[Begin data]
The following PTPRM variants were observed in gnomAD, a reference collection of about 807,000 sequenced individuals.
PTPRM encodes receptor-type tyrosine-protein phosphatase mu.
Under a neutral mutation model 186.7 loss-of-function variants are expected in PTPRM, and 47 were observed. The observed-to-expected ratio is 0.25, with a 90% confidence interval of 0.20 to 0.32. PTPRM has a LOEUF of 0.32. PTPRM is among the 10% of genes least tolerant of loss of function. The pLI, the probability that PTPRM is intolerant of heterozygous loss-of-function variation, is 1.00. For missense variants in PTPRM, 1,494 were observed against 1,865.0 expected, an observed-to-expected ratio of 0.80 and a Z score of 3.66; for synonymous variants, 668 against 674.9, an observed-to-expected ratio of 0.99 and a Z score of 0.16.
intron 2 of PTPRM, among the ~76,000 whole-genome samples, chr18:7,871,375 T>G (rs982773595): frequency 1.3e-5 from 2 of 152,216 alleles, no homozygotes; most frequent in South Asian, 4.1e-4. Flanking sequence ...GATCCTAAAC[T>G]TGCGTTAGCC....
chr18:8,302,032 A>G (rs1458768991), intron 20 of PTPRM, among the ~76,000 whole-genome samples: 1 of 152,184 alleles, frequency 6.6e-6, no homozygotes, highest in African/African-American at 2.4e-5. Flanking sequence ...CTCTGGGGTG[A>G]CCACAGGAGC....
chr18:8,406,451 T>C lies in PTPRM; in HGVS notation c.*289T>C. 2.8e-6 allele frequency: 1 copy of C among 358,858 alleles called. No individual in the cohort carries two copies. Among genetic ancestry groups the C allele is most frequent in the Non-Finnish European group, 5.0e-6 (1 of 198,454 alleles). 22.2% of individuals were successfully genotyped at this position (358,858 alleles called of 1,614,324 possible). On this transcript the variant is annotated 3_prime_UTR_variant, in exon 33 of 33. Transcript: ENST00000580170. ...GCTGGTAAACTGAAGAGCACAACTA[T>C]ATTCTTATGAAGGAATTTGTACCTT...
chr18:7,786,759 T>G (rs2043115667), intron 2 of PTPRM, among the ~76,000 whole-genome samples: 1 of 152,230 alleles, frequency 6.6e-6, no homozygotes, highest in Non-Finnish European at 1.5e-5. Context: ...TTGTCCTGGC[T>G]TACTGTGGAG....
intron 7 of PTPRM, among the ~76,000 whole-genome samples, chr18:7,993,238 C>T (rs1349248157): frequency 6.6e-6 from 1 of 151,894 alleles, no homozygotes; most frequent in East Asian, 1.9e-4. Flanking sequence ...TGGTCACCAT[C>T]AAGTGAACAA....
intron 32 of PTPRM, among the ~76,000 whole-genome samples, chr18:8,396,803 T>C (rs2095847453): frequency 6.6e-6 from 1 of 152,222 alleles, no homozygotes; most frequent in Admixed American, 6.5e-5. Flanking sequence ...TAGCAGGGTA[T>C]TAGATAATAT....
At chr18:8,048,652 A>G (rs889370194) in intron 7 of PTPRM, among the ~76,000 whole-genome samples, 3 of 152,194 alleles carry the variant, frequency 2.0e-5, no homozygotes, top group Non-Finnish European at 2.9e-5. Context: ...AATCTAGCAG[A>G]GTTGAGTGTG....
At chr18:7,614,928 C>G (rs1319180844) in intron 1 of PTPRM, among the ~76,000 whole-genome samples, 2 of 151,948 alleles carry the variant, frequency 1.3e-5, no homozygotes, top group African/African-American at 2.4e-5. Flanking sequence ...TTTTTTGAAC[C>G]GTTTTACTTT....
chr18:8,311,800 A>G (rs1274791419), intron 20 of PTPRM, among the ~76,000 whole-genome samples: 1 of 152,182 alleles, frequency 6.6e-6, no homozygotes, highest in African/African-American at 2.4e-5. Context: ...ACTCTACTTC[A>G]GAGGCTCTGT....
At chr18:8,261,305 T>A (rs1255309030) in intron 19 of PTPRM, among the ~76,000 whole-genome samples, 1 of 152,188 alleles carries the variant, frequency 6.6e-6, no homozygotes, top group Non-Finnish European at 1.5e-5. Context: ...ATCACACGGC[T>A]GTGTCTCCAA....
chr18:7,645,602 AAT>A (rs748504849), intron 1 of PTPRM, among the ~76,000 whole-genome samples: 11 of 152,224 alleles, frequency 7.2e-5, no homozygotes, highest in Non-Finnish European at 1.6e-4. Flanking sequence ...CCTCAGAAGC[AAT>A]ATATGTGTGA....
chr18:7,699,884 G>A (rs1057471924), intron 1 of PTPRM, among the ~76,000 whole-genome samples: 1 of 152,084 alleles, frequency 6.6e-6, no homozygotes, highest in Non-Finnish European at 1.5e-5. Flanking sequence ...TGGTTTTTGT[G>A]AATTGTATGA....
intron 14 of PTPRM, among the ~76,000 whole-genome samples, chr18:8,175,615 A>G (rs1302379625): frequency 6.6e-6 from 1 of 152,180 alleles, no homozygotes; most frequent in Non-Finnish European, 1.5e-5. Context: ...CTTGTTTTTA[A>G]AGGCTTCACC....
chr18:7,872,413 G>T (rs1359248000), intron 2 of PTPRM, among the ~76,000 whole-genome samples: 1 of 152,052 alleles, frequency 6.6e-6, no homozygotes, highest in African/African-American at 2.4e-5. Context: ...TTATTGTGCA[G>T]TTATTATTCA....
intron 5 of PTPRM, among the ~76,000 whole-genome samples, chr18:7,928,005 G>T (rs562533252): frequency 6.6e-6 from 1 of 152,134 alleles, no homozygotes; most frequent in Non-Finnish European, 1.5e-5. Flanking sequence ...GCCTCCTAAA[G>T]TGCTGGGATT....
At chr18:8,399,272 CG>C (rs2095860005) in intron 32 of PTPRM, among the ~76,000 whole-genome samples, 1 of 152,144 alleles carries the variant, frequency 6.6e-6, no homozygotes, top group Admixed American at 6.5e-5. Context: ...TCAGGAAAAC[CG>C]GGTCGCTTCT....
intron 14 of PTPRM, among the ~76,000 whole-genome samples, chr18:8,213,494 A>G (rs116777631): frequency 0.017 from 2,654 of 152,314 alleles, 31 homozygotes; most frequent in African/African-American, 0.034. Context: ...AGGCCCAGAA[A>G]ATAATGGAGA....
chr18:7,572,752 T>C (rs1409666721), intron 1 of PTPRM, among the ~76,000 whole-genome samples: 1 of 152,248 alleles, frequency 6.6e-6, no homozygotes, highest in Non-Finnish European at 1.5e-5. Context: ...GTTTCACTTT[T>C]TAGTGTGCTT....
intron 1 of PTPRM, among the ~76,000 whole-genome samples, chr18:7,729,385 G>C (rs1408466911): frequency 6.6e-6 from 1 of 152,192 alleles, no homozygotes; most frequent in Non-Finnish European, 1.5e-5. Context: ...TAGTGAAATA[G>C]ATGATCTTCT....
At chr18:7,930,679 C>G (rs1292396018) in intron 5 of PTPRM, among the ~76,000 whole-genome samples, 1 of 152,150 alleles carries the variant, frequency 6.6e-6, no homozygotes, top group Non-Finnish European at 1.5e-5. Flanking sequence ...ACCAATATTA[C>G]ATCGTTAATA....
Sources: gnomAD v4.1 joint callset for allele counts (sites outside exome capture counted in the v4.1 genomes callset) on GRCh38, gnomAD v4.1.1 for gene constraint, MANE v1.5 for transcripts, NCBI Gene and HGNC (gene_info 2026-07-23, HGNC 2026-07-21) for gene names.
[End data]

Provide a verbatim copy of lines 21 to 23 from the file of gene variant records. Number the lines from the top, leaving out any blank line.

chr18:7,572,752 T>C (rs1409666721), intron 1 of PTPRM, among the ~76,000 whole-genome samples: 1 of 152,248 alleles, frequency 6.6e-6, no homozygotes, highest in Non-Finnish European at 1.5e-5. Context: ...GTTTCACTTT[T>C]TAGTGTGCTT....
intron 1 of PTPRM, among the ~76,000 whole-genome samples, chr18:7,729,385 G>C (rs1408466911): frequency 6.6e-6 from 1 of 152,192 alleles, no homozygotes; most frequent in Non-Finnish European, 1.5e-5. Context: ...TAGTGAAATA[G>C]ATGATCTTCT....
At chr18:7,930,679 C>G (rs1292396018) in intron 5 of PTPRM, among the ~76,000 whole-genome samples, 1 of 152,150 alleles carries the variant, frequency 6.6e-6, no homozygotes, top group Non-Finnish European at 1.5e-5. Flanking sequence ...ACCAATATTA[C>G]ATCGTTAATA....